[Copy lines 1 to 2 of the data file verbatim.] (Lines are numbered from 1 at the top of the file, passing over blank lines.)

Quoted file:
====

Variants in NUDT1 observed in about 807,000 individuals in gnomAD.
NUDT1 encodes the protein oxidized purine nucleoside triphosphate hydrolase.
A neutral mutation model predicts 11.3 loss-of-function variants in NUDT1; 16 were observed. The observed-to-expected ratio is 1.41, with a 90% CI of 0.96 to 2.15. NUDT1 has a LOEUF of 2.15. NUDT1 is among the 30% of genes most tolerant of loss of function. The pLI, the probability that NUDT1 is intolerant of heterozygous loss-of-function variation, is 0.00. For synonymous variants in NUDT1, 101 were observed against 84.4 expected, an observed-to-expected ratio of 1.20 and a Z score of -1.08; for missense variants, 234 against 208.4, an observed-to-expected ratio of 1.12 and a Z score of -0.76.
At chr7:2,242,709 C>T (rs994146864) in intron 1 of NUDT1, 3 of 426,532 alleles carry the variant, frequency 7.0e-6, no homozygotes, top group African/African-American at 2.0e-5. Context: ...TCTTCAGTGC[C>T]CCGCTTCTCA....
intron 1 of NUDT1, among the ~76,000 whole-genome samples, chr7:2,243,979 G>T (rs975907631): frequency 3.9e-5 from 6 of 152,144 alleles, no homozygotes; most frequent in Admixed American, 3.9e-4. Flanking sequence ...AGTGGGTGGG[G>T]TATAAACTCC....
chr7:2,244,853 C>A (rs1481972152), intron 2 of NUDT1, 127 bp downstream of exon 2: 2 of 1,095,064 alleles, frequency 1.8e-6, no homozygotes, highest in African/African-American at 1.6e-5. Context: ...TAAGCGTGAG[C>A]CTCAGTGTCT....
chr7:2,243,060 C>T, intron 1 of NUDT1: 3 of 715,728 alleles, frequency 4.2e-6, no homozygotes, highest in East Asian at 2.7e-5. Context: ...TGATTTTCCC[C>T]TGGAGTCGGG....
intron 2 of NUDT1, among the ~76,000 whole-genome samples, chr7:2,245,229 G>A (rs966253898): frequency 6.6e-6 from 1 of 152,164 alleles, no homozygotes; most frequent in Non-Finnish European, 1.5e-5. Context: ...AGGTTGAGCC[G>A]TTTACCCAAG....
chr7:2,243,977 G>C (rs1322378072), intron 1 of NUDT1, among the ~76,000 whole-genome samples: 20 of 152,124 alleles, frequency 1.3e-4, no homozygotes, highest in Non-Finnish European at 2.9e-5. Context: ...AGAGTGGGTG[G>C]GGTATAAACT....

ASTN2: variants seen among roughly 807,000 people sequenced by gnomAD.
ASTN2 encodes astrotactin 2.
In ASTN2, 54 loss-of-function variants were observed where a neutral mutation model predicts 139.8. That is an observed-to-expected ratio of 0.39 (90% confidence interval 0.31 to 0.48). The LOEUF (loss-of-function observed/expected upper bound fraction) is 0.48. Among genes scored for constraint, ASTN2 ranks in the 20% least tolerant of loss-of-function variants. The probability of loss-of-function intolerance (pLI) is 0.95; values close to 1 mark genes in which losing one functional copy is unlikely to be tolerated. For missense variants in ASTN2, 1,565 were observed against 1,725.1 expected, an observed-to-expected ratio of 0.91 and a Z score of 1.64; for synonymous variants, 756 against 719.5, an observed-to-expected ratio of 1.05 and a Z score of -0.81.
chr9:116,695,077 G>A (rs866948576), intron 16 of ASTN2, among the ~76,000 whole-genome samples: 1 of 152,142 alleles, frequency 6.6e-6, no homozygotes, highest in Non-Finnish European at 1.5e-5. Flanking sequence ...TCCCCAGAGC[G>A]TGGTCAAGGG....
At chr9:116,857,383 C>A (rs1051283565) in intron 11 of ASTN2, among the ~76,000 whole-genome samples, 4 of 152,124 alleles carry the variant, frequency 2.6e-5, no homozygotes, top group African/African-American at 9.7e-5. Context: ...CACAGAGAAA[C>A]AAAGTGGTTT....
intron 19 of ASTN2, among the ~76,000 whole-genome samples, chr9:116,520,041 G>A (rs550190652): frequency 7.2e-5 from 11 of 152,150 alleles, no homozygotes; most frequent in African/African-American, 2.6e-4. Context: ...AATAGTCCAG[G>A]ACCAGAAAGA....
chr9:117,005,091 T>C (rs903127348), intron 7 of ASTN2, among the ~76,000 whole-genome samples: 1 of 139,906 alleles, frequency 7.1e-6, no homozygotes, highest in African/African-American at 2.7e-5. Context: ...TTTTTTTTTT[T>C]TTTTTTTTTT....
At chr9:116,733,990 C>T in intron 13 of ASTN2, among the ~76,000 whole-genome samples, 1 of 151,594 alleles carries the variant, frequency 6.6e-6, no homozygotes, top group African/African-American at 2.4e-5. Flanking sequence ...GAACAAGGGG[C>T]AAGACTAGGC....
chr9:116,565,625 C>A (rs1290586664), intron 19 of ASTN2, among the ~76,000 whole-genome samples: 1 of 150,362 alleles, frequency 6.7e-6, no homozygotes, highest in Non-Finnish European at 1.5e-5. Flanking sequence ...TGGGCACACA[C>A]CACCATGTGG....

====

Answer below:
Variants in NUDT1 observed in about 807,000 individuals in gnomAD.
NUDT1 encodes the protein oxidized purine nucleoside triphosphate hydrolase.